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Published October 25, 2009, 12:00 AM

Forum editorial: F-M must assure neighbors

Fargo-Moorhead’s campaign to build permanent flood-control systems must consider downstream worries.

Fargo-Moorhead’s campaign to build permanent flood-control systems

must consider downstream worries. Last week, as metro-area residents got a look at several options for protecting the cities from “the big one,” voices from Red River towns such as Hendrum, Minn., and Pembina, N.D., expressed concerns. What, they asked, would a diversion of the Red mean to downstream cities and farms? How will a Fargo-Moorhead bypass affect levees, ring dikes and other flood works already in place?

The questions are not without substance. Perceptions of the impacts of flood walls, levees and diversion channels might not square with the actual hydrology, but perceptions affect the politics of flood control, and therefore cannot be dismissed.

The U.S. Army Corps of Engineers is clear about downstream effects of flood-control projects. The corps cannot participate in projects that negatively impact the neighbors. In a meeting last week with The Forum’s Editorial Board, corps officials emphasized that point. Analyses of projects must include consideration of the potential for downstream damage. If such potential exists, the project is a no-go or must be modified.

That’s policy, not perception. Still, anyone familiar with Red River Valley flooding understands how perceptions fuel the blame game: It’s farm drainage. It’s the Sheyenne Diversion. It’s the Breckenridge-Wahpeton Diversion. It’s those flood walls in Grand Forks and East Grand Forks. It’s a water board’s ill-conceived drain project. It’s all that water running off urban asphalt and concrete.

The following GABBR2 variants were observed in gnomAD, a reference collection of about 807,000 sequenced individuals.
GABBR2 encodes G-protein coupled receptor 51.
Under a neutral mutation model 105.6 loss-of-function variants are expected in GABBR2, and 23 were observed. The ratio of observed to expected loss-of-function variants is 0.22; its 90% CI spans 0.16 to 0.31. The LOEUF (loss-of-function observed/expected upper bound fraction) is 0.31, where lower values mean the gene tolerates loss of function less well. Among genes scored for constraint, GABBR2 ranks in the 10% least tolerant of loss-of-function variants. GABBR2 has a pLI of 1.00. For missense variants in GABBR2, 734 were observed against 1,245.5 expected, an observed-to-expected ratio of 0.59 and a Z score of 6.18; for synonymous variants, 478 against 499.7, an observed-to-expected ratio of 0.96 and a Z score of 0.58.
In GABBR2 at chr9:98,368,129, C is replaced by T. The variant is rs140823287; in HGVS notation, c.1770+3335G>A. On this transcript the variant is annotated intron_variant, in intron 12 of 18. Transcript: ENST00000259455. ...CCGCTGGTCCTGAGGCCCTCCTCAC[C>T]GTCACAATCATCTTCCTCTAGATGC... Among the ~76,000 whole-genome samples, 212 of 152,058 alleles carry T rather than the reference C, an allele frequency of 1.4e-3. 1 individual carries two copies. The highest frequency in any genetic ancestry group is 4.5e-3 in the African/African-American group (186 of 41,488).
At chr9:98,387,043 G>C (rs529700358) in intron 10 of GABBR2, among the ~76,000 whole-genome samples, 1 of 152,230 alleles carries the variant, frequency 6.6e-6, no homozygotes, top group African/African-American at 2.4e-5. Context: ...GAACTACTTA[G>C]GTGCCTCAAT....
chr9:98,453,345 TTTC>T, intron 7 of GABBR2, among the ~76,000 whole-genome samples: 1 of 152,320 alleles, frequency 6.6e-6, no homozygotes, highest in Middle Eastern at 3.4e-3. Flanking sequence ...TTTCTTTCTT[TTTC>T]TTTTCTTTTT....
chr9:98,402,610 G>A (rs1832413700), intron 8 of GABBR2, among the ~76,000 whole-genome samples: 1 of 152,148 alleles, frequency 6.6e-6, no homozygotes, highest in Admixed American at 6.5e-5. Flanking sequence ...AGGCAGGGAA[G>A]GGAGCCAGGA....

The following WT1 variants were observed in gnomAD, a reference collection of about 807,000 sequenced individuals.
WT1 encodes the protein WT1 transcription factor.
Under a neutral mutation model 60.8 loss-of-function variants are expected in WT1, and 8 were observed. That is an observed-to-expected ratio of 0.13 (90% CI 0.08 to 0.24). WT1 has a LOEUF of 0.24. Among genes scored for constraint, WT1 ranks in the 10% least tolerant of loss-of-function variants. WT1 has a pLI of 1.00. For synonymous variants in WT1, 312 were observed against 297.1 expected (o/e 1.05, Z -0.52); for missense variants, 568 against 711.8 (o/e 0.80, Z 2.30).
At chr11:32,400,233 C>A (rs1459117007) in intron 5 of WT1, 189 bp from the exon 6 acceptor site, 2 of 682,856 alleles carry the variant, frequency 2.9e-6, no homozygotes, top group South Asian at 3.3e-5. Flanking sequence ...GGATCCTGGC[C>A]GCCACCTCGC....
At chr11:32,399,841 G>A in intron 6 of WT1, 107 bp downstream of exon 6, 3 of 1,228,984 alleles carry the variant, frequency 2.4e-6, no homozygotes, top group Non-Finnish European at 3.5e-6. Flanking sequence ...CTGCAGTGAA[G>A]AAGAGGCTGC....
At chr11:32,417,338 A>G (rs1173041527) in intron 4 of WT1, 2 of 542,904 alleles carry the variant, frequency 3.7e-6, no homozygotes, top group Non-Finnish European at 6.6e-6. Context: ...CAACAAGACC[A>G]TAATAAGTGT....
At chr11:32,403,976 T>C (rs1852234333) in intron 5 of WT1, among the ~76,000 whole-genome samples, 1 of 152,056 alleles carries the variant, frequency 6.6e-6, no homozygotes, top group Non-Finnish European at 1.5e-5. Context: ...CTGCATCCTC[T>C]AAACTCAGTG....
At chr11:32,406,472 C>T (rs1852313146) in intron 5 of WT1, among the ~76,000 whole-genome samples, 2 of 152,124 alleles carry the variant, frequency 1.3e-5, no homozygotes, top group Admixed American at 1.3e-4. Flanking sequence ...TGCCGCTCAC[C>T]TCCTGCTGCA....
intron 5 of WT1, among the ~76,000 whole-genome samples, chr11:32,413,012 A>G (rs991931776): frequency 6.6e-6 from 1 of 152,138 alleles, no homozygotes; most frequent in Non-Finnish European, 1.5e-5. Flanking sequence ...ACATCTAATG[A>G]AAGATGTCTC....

Certainly those factors affect the manner in which water moves. But when Mother Nature dumps more water on the land than the land can hold, it runs off in torrents and surges that would generate record flooding even if there were no cities, no farms and no flood projects in the Red River Valley. That fact is confirmed by the history of the river. The nature of the Red – north-flowing through a nearly flat landscape – guarantees flooding on the river and its tributaries more often than not.

Nonetheless, flood controls designed to protect one place should not do so at the expense of another place. That clearly is not the intent of F-M project options. But last week’s downstream reactions suggest not everyone is convinced. It is imperative, therefore, to provide thorough, science-based assurances to downstream interests that flooding will not be worse for them when Fargo-Moorhead’s projects are operational.

Forum editorials represent the opinion of Forum management and the newspaper’s Editorial Board.